Beyond Left and Right: Finding Consensus on Economic Inequality
In this report, we contend that theology can open up new avenues of consensus between political and social positions on issues of inequality. (2021)
Elizabeth Oldfield asks how we can learn to react to collective threats with “tend–and–befriend”, rather than “fight–or–flight”. 28/04/2020
The helpful point Alex made is that our internal states as individuals affect our wellbeing as a wider society, and that in times of crisis and emergency – like now – there are different ways we can respond.
The first option will be familiar. “Fight–or–flight” (or flight, flight and freeze), first named in 1915, is a phenomenon which is excellent for keeping individuals or small groups like families safe in danger. A flood of cortisol and adrenaline ready our mind and muscles for action, whether it is attacking or running away. It is, however, a terrible tool in situations of collective threat, like a global pandemic, or indeed when facing an issue like climate change. Fight–or–flight reduces our ability to reason and analyse, to calmly weigh risk and to feel empathy. Instead it can drive us to blame, lash out and prioritise our own immediate survival. Complex collective threats are best tackled in clear headed, co–operative ways, acknowledging all that we hold in common, and fight–or–flight makes that more difficult.
There is however, an alternative response to situations of crisis. “Tend–and–befriend” was first proposed in 2000 by University of California Professor of Psychology Shelley Taylor, so has a shallower research pool than fight–or–flight, but is gaining traction as an alternative, instinctive response to threat in individuals and, potentially, societies. Tend–and–befriend is a much more pro–social response in which stress and threat cause us to reach out for others and care for them. Initially research suggested that men were more likely to respond to stress with a fight–or–flight response, and women with tend–and–befriend, but that gender binary is now being questioned.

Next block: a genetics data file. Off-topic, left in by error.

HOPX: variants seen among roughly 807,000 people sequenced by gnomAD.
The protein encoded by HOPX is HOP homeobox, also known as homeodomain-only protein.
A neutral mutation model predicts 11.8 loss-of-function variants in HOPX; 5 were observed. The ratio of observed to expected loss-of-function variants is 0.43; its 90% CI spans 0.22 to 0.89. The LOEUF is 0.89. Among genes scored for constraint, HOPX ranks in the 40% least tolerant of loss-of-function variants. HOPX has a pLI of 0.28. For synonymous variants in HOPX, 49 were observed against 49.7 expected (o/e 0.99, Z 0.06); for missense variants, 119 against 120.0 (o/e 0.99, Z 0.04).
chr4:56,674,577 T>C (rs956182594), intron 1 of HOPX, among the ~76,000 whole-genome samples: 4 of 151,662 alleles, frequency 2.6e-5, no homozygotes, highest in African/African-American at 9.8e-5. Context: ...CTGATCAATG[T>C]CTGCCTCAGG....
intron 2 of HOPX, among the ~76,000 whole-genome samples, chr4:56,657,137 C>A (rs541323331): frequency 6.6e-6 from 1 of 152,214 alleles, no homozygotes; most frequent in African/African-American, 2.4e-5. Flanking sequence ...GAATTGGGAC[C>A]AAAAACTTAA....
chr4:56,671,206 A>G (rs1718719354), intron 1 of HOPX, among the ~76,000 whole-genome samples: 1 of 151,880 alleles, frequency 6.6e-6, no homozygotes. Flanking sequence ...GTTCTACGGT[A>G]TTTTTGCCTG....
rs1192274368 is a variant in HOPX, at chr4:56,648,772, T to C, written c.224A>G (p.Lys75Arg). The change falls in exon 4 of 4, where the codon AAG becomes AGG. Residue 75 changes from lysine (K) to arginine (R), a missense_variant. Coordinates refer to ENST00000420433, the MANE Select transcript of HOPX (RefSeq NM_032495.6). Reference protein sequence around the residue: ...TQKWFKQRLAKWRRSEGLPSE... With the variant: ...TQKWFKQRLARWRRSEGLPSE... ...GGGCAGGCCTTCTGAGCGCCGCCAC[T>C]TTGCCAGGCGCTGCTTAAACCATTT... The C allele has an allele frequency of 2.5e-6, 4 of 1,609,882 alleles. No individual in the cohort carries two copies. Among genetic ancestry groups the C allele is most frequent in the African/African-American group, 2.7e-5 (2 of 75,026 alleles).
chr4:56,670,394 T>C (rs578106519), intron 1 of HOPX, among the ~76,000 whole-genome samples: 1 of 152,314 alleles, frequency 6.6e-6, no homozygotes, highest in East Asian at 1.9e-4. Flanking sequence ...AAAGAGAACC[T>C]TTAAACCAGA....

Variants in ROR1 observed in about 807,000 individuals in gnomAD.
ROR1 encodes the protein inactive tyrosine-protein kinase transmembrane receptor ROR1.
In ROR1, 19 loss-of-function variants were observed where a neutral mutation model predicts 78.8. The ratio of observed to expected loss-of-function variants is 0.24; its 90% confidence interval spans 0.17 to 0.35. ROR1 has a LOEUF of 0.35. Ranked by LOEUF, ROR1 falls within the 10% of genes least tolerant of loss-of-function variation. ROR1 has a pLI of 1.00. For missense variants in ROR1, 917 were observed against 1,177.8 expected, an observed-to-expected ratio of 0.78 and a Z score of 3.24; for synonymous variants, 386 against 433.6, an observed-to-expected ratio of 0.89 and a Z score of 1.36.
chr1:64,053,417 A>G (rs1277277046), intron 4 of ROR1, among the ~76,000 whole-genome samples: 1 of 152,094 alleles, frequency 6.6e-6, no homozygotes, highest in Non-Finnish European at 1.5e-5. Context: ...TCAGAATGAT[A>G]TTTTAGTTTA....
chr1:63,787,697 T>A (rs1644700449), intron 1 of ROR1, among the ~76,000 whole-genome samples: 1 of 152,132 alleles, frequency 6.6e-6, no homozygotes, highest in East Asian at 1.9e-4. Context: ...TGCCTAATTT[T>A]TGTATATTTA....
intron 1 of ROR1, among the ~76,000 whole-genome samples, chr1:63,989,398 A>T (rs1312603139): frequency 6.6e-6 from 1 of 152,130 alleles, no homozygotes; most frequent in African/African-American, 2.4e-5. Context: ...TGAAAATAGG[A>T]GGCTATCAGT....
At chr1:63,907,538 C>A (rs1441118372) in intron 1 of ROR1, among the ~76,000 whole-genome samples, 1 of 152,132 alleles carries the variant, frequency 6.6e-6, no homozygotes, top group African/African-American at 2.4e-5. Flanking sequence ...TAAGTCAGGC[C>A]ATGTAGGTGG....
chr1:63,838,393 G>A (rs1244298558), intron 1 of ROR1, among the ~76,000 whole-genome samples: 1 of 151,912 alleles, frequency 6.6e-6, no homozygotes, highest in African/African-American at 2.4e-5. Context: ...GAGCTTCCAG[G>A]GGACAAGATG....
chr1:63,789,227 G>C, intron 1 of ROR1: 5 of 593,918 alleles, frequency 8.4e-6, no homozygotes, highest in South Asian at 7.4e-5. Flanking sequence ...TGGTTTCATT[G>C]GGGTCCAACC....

This lens has changed how I see responses to the pandemic. Some of us are, or have been obviously in fight–or–flight, blaming, defending, and paying more attention to individual safety (stockpiling) than common concerns. This isn’t a judgemental point – fight–or–flight is instinctive and difficult to override without a lot of practice, and it’s also catching.
I’m also heartened however to see mass outbreaks of tend–and–befriend, in the shape of mutual aid groups, fundraising campaigns and charitable commitments.
So how do we develop an ability to react to collective threats with tend–and–befriend, rather than the counter–productive fight–or–flight?
There are many avenues to pursue here, including education, nudge interventions, and how we use our “collective nervous system” of social media. It’s also clear that religion, at its best, can and does play a part in this process. In fact one way of reading whole swathes of the New Testament is as training in how to stay out of fight–or–flight and instead lean into tend–and–befriend. It’s an anachronistic projection, but the ethical formation implicit in “turn the other cheek”, “in your anger do not sin”, “love your enemies and pray for those who persecute you” would all involve a conscious overriding of the rush of cortisol and its instinctive, self–protective response. Similarly, the command to love your neighbour, and multiple parables including the Good Samaritan all speak to tend–and–befriend as a response we should seek to develop, in situations of threat as much as at other times.
Words on a page may not have much power to help us change our instinctive responses, but it is entirely credible that collective rituals, repeated immersion in narratives that encourage tend–and–befriend, intentional practice (and, whisper it, divine help) may do so.
Image: Sanit Fuangnakhon/shutterstock.com
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Theos researches and investigates the intersection of religion, politics and society in the contemporary world.